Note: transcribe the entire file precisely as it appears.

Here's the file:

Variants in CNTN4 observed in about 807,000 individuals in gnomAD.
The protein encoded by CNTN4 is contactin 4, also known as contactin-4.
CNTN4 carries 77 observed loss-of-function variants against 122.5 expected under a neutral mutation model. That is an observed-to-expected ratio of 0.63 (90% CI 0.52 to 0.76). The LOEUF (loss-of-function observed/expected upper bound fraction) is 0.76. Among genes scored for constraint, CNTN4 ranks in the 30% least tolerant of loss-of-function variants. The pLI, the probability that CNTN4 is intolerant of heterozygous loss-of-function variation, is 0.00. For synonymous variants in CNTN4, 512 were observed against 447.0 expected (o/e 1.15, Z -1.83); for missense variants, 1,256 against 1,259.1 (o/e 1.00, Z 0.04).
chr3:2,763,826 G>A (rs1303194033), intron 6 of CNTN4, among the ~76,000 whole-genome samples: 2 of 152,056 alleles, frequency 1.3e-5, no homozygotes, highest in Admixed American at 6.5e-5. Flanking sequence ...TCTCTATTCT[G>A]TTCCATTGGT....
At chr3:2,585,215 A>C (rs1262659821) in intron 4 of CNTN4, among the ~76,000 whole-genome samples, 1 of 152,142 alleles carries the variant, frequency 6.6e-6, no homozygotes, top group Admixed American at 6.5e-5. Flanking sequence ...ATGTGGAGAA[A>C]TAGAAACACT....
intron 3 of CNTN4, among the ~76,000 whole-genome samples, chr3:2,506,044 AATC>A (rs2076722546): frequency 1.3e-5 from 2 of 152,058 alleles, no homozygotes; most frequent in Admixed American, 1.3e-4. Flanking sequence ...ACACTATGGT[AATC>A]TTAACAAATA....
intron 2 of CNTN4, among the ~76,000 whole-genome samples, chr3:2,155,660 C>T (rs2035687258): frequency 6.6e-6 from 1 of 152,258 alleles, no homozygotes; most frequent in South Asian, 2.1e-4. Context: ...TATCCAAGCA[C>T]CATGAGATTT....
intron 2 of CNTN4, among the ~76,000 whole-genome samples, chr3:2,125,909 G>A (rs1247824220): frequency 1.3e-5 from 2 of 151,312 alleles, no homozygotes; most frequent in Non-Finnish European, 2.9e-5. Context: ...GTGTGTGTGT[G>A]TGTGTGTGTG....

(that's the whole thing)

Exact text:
Variants in CNTN4 observed in about 807,000 individuals in gnomAD.
The protein encoded by CNTN4 is contactin 4, also known as contactin-4.
CNTN4 carries 77 observed loss-of-function variants against 122.5 expected under a neutral mutation model. That is an observed-to-expected ratio of 0.63 (90% CI 0.52 to 0.76). The LOEUF (loss-of-function observed/expected upper bound fraction) is 0.76. Among genes scored for constraint, CNTN4 ranks in the 30% least tolerant of loss-of-function variants. The pLI, the probability that CNTN4 is intolerant of heterozygous loss-of-function variation, is 0.00. For synonymous variants in CNTN4, 512 were observed against 447.0 expected (o/e 1.15, Z -1.83); for missense variants, 1,256 against 1,259.1 (o/e 1.00, Z 0.04).
chr3:2,763,826 G>A (rs1303194033), intron 6 of CNTN4, among the ~76,000 whole-genome samples: 2 of 152,056 alleles, frequency 1.3e-5, no homozygotes, highest in Admixed American at 6.5e-5. Flanking sequence ...TCTCTATTCT[G>A]TTCCATTGGT....
At chr3:2,585,215 A>C (rs1262659821) in intron 4 of CNTN4, among the ~76,000 whole-genome samples, 1 of 152,142 alleles carries the variant, frequency 6.6e-6, no homozygotes, top group Admixed American at 6.5e-5. Flanking sequence ...ATGTGGAGAA[A>C]TAGAAACACT....
intron 3 of CNTN4, among the ~76,000 whole-genome samples, chr3:2,506,044 AATC>A (rs2076722546): frequency 1.3e-5 from 2 of 152,058 alleles, no homozygotes; most frequent in Admixed American, 1.3e-4. Flanking sequence ...ACACTATGGT[AATC>A]TTAACAAATA....
intron 2 of CNTN4, among the ~76,000 whole-genome samples, chr3:2,155,660 C>T (rs2035687258): frequency 6.6e-6 from 1 of 152,258 alleles, no homozygotes; most frequent in South Asian, 2.1e-4. Context: ...TATCCAAGCA[C>T]CATGAGATTT....
intron 2 of CNTN4, among the ~76,000 whole-genome samples, chr3:2,125,909 G>A (rs1247824220): frequency 1.3e-5 from 2 of 151,312 alleles, no homozygotes; most frequent in Non-Finnish European, 2.9e-5. Context: ...GTGTGTGTGT[G>A]TGTGTGTGTG....